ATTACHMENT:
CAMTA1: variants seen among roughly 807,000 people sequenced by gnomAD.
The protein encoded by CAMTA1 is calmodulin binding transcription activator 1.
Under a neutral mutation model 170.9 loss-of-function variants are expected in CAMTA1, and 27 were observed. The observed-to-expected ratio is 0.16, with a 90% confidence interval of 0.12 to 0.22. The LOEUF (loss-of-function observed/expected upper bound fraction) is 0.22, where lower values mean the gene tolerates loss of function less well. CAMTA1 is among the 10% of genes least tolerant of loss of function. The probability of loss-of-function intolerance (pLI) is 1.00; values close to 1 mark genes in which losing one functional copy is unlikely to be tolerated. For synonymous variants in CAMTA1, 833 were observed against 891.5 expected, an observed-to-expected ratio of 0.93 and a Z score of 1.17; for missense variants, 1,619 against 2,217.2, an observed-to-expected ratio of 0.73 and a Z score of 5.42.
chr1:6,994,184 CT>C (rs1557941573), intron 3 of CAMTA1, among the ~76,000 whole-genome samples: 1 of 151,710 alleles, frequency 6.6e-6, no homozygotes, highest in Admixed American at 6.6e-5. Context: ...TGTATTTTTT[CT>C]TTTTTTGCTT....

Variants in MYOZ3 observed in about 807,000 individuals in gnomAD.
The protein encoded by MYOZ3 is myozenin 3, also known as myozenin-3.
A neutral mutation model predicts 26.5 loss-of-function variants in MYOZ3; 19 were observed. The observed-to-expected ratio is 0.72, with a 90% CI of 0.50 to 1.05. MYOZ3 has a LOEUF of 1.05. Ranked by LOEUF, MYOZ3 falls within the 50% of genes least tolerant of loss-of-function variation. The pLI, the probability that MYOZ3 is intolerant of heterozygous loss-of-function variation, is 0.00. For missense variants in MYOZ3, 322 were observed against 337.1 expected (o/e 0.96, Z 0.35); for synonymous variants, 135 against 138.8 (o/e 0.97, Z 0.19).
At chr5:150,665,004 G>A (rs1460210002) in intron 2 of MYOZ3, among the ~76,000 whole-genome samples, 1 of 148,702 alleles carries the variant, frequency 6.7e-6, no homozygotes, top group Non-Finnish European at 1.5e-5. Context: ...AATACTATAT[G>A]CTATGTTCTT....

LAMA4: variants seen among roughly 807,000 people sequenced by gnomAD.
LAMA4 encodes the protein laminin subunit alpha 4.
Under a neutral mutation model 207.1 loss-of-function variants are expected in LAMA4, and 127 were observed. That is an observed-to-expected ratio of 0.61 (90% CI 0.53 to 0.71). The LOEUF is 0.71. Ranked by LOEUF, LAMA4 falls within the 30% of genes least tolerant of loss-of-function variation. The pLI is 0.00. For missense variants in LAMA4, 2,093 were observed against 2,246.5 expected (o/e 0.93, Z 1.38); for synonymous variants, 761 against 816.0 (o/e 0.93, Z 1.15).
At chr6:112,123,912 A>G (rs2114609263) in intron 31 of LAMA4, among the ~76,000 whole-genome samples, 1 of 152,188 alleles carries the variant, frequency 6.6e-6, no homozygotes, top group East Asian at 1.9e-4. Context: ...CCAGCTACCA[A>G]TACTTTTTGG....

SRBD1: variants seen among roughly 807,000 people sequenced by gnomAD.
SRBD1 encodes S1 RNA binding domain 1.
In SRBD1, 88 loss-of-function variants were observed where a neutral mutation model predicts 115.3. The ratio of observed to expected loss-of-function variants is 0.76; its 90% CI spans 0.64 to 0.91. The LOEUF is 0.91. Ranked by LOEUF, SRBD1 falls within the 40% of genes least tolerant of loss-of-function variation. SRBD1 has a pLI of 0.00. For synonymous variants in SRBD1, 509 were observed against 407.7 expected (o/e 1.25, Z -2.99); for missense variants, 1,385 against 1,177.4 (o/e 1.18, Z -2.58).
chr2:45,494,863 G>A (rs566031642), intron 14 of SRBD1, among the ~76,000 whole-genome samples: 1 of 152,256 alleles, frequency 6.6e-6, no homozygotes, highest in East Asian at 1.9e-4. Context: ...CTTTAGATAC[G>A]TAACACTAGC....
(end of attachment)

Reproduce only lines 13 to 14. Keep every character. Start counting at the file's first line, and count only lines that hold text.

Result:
SRBD1: variants seen among roughly 807,000 people sequenced by gnomAD.
SRBD1 encodes S1 RNA binding domain 1.